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Your Cat’s Butt Is His Health Barometer

The state of your cat’s butt (and what’s coming out of it) is a good way to gauge his health.

Caroline Golon  |  Jun 5th 2017

What do a bunch of cat veterinarians talk about when they’re hanging out at a party together? Cat poop, of course, says Dr. Jean Hofve, holistic veterinarian, author, and founder of the site Little Big Cat. Why? Because the state of a cat’s poop is one of the fastest ways to help determine what might be wrong with an ailing kitty. Poop is important to your cat’s health, so it stands to reason that the place where it exits would be too. Here are four important things you should know about caring for your cat’s butt.

A cat's butt on a toilet.

1. Got dingleberries?

If you have a longhaired cat like my Romeo, you’ve probably seen little pieces of poop clinging to his “pants” now and then. It’s especially awesome when you discover this right after your cat has jumped up on your pillow and your face is two inches from the offending clump.

Dingleberries can occur if your cat’s poop is soft and is especially prevalent in cats with diarrhea. If your cat has the runs, it’s a good idea to take him to the vet right away to get him checked out.

A cat with matted fur licking himself.

The best thing to do to keep the berries at bay is to keep the area trimmed of excess fur. You can carefully do this yourself or take your cat to the vet or groomer for a “sanitary trim.”

2. Should you wipe your cat’s butt?

Well, it depends. Does it need wiping? Technically, your cat should be able to handle that himself, says Hofve. However, she adds, there are circumstances when he’s going to need some assistance.

  • Soft poop: If your cat’s poop is softer than normal, it could stick to his bottom. Typically your cat can get to this himself, but he might not get it all so a little help may be required.
  • Overweight cats: If your cat’s overweight, it might be hard for him to reach all the way behind him to clean up, explains Hofve. That’s good incentive to get your chubby kitty on a diet, yes?
  • Arthritic cats: If an older cat suffers from arthritis, he might also have trouble bending that far to get to his poop chute.

A cat cleaning his butt.

Warm water on a soft washcloth is the best way to get your kitty clean, Hofve advises. You can also use baby wipes or pet cleansing wipes like Earth Bath All Natural Cat Wipes, which I sometimes use.

Wipes are fine if your cat can’t reach down there himself at all. But if your cat can reach but simply hasn’t done such a bang-up job, just use plain water. You don’t want your cat licking himself and then ingesting chemicals, however mild, from the wipes.

3. Cat “Scooting”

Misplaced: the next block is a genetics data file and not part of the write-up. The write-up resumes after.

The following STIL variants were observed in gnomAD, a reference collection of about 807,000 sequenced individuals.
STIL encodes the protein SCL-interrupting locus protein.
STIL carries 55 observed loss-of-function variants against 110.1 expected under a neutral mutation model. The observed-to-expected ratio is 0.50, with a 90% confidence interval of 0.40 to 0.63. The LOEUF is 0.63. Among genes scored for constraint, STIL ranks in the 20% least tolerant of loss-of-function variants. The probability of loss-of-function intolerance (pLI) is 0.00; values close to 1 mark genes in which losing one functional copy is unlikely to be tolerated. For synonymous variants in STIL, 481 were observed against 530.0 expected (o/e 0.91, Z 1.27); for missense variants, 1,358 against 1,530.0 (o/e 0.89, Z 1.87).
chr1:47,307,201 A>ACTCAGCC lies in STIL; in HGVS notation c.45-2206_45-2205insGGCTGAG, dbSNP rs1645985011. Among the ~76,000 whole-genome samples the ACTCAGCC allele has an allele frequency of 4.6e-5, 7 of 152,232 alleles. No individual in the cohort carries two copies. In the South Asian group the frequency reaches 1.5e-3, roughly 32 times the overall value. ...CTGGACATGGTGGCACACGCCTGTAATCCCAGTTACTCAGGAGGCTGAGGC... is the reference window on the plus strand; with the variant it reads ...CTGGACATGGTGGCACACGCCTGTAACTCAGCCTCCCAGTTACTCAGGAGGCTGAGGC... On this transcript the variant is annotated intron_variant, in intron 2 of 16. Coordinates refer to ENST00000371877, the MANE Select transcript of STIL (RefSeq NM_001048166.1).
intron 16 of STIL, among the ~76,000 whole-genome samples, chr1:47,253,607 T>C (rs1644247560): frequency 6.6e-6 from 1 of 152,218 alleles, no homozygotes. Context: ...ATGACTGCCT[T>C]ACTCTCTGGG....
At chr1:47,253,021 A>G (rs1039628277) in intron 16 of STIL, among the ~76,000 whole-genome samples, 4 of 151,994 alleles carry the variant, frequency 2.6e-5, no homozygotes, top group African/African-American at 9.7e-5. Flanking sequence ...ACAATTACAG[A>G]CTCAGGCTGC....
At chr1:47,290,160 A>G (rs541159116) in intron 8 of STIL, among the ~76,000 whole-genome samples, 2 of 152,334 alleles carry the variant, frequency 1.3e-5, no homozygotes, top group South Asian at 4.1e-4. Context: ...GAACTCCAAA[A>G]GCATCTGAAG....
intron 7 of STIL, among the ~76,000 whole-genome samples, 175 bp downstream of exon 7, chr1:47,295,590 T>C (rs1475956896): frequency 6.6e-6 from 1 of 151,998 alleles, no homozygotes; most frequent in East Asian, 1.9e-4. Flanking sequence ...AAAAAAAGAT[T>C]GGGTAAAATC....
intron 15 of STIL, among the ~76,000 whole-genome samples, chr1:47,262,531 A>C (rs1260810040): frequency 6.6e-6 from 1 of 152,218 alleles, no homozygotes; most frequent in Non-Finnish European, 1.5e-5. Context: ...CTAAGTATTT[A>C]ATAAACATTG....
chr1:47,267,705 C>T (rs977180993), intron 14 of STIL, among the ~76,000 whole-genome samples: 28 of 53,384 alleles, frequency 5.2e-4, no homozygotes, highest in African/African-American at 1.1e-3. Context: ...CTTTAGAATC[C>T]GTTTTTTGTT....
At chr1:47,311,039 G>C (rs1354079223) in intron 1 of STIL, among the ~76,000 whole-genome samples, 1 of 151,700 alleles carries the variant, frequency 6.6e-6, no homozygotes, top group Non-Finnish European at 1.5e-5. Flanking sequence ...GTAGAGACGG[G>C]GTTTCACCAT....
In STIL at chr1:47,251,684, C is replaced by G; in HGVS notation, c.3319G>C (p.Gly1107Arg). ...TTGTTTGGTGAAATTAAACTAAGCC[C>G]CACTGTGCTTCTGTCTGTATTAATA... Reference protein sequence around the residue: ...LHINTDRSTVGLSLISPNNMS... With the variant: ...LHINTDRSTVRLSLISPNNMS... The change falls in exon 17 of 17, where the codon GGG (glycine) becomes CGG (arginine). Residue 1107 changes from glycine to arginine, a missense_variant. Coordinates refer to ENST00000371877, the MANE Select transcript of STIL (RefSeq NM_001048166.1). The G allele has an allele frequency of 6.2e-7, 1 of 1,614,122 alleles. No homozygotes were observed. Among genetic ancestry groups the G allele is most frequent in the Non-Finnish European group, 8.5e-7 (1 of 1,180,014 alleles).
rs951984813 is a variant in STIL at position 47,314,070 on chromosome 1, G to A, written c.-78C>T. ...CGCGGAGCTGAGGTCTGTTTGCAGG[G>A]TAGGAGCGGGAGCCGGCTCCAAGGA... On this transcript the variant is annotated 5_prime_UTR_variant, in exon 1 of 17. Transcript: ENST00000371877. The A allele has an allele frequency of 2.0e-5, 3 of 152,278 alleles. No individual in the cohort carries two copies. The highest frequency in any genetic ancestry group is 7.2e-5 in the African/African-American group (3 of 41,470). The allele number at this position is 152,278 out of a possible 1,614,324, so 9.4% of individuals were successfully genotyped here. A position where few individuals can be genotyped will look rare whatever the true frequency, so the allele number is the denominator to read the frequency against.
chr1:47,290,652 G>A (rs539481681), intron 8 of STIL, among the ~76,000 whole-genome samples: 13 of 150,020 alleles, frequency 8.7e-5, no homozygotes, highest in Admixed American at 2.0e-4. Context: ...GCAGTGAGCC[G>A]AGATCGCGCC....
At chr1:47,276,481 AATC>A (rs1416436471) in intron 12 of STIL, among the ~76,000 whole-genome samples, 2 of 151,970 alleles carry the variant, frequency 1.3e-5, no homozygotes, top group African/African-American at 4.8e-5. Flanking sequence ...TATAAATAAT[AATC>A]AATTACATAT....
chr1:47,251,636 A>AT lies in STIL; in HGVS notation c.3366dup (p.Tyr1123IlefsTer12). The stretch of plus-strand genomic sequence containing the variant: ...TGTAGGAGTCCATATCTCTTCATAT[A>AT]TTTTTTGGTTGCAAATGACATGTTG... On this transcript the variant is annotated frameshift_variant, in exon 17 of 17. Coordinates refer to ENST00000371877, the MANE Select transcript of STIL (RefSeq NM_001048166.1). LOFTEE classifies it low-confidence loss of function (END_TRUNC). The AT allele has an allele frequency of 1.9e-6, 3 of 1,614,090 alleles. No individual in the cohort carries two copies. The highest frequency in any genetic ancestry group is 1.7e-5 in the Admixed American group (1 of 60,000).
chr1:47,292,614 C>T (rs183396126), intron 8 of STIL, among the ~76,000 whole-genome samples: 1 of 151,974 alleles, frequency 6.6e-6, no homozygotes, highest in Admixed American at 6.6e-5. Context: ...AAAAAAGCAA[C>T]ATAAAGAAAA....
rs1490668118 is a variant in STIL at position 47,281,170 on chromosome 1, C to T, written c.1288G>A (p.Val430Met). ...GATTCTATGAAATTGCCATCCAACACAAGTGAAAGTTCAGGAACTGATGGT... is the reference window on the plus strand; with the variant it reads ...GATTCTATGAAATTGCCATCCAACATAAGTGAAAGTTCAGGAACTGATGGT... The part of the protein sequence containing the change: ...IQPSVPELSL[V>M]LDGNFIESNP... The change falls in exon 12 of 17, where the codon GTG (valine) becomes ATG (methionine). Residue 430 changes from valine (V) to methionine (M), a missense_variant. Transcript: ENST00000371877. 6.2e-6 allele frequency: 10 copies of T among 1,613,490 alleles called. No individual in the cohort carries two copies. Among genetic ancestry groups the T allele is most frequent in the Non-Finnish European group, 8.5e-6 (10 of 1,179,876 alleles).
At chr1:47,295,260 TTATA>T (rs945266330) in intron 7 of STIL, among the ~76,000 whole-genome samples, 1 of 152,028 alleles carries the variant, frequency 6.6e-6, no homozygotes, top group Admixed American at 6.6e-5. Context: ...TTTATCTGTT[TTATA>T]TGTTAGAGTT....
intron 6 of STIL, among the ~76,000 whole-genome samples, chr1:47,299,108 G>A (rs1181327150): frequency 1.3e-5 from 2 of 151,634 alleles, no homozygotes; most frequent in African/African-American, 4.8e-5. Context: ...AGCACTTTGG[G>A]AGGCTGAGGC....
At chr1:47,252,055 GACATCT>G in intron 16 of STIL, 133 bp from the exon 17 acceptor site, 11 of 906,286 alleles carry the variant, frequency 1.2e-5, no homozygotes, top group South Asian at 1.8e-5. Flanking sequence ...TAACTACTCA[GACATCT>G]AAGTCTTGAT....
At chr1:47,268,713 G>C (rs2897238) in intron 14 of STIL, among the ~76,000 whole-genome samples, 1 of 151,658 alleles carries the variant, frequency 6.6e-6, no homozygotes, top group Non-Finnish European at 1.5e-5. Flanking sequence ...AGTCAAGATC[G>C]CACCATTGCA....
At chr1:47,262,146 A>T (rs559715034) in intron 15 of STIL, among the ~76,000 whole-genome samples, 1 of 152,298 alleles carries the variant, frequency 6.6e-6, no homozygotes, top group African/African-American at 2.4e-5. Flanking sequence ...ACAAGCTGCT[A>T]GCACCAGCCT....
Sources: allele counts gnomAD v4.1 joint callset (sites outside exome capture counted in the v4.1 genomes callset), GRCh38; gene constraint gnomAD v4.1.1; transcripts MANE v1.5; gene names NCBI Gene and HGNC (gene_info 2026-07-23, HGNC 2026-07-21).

We’ve all been there. The cat hops out of the box and immediately plops down onto the floor and appears to be wiping his butt with your carpet. Or sometimes it may happen out of the blue. Regardless, no one wants to have to clean up skid marks from her light-colored Berber rug.

A cat surrounded by unrolled toilet paper.

The “scoot,” though, is actually a good thing, because it indicates there’s an issue at hand. From diarrhea to allergies to worms, something’s going on back there and your cat’s scooting should tell you that he’s not feeling comfortable. If he’s dragging his bottom on the floor, take him for a visit with the vet.

4. Common issues with your cat’s butt

Paying attention to what’s going on in your cat’s bottom is a good idea. By knowing what’s coming out, you’ll be attuned to health issues. But also pay attention to the bum area itself. If there’s anything weird going on down there, get your kitty to the vet right away.

One common problem you might experience with your cat is swollen anal glands. The anal glands, located on either side of the anal opening, secrete an important scent that coats the poop and is used for marking. A normal poop coming through the rectum puts just enough pressure on the glands to release the scent. But if a poop is too hard or too soft, it won’t prompt that release. Over time, the glands back up and become swollen and uncomfortable.

A sick cat on the table at the vet.

You probably won’t be able to see the impacted glands because “they swell to the inside,” says Hofve. But, she says, “scooting is one of the signs that anal glands are impacted. Or your cat might be licking a lot at the area or doing strange yoga positions to try and get at it.”

If your cat is exhibiting any of these behaviors, take him to the vet to get him checked out. If the issue is impacted anal glands, your vet will manually empty them. And, cautions Hofve, don’t try to express the glands yourself. Improper technique can create quite a mess.

You also might periodically see little wiggling things (gag) in your cat’s poop or hanging out of the opening. If you do, get your cat to the vet right away. These are likely worms, and if they’re hanging out in the exit area, the problem is already advanced. In fact, if anything odd is hanging out of your cat’s butt or in his poop (like string, for example) take him to the vet. Even if the string appears to have come out completely, there may still be a piece inside your cat’s body. Your vet will do an X-ray or ultrasound to be sure no string is left, tangled up in your kitty’s organs.

Who knew the back door was such an important area? Staying up in your cat’s business will keep you aware and informed about the state of his health.